They blamed the judge’s order to vacate by noon Thursday, glossing over the fact it was the result of a fire hazard created by Perillo trying to have it both ways — rehabbing the building with people still living there and paying rent.

Perillo’s guys didn’t back off until community organizers encouraged the tenants to stay put until compensated, and I wrote a column in Thursday’s paper about what was happening.

After that, the city began taking a more aggressive stance on the tenants’ behalf. Even then, however, somebody sent in a police officer overnight to try to scare them off, residents reported.

Then in court Friday, Perillo lawyer Arnold Landis tried to lowball the judge, offering to pay a maximum of only $500 to the tenants, instead of the $3,000 sought by the city, and arguing his team should be allowed to conduct the move without a receiver.

Harmening, having learned his own lesson after accepting Landis’ previous assurances management would work with the tenants, said he no longer had enough confidence to trust them with the responsibility.

So what was the lesson in this for Perillo, whose luxury auto group deals in Bentley, Rolls-Royce, Lamborghini, Bugatti and Maserati?

“We’re dealing with people not cars.”

That was actually a line used in court by Judy Frydland, a lawyer for the city, after Landis used his negotiating ploy with the judge and ended up costing Perillo a lot more money than if he just treated the tenants fairly in the first place (though notably still not as much as it would cost to buy any one of his luxury automobiles.)

I knew the tenants were going to come out okay when I got to court and saw Frydland, a member of the A-team in the city corporation counsel’s office and someone with a history of fighting for people in these situations. Now, I can’t really explain why the city didn’t put up the same fight a week earlier, or why it took months for the city to realize ongoing rehab work at the hotel had created a fire danger or that the fire alarm was disconnected. But I don’t want to detract from a happy outcome.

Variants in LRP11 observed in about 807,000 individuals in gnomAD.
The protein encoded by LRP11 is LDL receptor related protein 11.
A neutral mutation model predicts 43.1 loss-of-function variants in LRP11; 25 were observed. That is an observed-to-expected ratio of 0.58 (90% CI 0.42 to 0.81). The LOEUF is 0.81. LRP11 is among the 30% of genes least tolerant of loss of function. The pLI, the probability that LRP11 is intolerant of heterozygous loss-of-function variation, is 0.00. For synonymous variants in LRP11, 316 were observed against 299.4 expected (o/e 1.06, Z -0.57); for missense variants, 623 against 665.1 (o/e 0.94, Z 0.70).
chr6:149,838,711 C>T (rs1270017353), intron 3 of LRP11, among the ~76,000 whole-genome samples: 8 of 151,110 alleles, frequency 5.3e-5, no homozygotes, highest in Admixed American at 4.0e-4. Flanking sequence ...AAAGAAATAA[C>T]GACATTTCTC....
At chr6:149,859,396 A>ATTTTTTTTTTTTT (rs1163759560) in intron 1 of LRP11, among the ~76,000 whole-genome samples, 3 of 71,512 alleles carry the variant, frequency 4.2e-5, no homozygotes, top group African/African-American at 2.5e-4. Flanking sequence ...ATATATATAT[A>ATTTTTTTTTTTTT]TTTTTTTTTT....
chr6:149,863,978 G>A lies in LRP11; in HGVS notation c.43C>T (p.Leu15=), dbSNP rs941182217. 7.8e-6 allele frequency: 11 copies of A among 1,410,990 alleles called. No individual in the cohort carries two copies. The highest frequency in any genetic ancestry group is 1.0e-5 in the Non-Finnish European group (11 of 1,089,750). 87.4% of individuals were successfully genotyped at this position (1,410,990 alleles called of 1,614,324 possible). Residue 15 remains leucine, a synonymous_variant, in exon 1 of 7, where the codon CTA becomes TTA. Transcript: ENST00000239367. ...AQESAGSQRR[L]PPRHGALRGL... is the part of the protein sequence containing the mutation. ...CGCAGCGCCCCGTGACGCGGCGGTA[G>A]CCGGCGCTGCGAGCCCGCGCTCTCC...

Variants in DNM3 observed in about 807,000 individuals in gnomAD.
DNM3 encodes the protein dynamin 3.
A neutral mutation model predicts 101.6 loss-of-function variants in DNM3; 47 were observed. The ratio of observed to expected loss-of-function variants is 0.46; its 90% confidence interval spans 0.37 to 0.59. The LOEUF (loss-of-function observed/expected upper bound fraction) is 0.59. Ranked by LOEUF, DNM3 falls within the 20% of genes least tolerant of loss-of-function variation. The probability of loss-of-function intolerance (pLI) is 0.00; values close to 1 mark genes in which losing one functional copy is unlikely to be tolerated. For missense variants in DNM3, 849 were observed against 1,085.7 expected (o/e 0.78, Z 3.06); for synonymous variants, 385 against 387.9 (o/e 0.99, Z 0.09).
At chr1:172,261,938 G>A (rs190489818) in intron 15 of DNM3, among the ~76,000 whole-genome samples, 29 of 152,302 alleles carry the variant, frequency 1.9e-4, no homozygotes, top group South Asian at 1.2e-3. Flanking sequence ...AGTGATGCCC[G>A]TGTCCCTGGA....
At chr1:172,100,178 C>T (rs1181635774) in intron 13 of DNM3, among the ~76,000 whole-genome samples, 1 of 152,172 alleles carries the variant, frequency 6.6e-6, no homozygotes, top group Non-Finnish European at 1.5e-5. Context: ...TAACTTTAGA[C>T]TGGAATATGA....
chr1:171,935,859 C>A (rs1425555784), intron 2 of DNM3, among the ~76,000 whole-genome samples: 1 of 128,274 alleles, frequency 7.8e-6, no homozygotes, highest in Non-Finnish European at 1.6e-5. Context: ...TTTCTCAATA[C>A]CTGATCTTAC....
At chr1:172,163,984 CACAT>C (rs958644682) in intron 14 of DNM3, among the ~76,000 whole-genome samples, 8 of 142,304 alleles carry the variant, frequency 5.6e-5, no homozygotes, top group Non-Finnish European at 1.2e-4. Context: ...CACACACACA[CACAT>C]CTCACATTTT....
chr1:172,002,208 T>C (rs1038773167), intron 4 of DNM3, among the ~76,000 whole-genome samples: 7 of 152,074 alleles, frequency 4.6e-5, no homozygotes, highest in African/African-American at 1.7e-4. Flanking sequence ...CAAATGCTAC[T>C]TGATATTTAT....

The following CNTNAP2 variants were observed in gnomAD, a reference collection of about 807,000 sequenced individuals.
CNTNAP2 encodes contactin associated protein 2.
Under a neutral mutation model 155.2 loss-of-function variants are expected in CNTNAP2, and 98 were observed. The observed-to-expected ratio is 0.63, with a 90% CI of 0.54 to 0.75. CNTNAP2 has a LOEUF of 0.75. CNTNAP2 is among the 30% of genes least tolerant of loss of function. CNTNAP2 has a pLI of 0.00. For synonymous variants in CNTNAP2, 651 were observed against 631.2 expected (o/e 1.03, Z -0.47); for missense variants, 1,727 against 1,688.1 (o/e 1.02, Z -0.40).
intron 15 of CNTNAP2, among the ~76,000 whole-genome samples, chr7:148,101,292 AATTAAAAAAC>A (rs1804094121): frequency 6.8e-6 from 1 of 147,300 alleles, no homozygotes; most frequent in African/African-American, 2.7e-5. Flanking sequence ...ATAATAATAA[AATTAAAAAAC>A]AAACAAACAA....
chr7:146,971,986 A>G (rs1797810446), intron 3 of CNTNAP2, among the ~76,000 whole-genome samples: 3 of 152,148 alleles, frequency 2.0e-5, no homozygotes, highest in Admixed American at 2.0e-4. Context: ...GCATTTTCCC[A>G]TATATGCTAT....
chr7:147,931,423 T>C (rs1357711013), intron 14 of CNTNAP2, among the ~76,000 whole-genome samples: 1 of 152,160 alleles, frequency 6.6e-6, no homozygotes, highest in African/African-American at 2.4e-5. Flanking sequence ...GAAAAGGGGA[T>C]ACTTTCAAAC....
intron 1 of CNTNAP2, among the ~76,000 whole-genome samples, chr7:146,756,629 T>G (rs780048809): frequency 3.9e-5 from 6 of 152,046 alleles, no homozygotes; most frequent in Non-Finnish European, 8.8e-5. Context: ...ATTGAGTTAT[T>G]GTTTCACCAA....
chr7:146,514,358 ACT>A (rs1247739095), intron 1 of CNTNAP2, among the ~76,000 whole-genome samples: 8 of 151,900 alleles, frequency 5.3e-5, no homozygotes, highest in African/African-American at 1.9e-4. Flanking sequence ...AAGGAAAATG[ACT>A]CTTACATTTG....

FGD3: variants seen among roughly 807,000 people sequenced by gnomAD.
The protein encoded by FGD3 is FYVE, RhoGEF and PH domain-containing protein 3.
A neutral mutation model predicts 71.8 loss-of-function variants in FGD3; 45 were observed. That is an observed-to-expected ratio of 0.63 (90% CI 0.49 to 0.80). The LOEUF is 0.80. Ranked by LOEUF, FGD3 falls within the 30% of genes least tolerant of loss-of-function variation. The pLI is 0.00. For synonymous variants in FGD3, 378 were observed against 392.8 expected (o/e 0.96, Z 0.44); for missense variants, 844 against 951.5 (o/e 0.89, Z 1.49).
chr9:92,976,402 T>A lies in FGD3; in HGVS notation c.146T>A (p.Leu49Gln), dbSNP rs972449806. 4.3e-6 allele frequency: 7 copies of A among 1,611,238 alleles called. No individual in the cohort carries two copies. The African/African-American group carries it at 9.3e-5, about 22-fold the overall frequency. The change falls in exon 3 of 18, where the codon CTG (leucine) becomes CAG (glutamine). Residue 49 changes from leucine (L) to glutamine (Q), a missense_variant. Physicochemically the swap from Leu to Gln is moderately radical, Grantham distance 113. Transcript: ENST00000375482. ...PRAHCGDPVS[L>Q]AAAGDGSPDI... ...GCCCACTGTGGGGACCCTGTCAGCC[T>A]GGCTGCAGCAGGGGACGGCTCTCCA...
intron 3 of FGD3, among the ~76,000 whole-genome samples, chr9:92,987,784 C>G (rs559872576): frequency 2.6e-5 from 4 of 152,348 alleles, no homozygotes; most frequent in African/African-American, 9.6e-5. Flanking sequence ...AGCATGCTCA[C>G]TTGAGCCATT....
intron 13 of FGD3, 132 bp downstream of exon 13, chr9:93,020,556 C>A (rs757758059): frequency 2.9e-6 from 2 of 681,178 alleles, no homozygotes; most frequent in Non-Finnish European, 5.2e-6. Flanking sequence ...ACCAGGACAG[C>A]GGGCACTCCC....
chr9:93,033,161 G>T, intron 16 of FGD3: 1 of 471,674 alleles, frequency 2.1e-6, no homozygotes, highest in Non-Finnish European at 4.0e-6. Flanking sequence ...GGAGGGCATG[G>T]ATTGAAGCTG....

And the tenants were, oh, so happy, as they celebrated in the hallway afterward, congratulating each other, and thanking everyone who had gone to bat for them.

It wasn’t just the money.

Forty-eight hours earlier, most of them were resigned to their fate, desperately looking for somewhere to move and unaware they might have any say in the matter. They didn’t even know each other by name.

But as I stood outside the Rosemoor on Wednesday with West Side activist Elce Redmond and organizers from the Metropolitan Tenants Organization, I could see the idea start to take hold that they could stick up for themselves.

And outside the courtroom Friday, I saw it come to full fruition — a sudden sense of empowerment.

The lesson for the tenants?

“This is what happens when you work together.”

That’s what John Bartlett, executive director of the Metropolitan Tenants Organization, told them, and they agreed.

“You know what. I’ll be able to sleep at night. I feel like I can walk away with my manhood,” said Roy Giddens, a Vietnam veteran and leader of the tenant group.

Many of the tenants, though, are still worried about finding a place to live by Wednesday, the new deadline set by the judge.

“I can’t live on the street. I’ve got oxygen at home,” fretted Karen Everett, 61, who would have been staying at the Rosemoor three years next month.

That’s why it’s so important to save what’s left of these SROs.

By Mark Brown. This article was originally published in the Chicago Sun-Times

Welcome to Chicago, Here Are Your Bed Bugs.

IMAG1401Tricia Jones recently relocated to the bed bug capital of the United States – Chicago, IL.  In her very first Chicago apartment, she was welcomed by a full blown infestation.  She didn’t know what to do so, as many of us would, she hit the internet and found MTO.  A call to the tenants rights hotline developed into a relationship lasting months which would yield – not only improved living conditions – but a stronger and more cooperative relationship with her landlord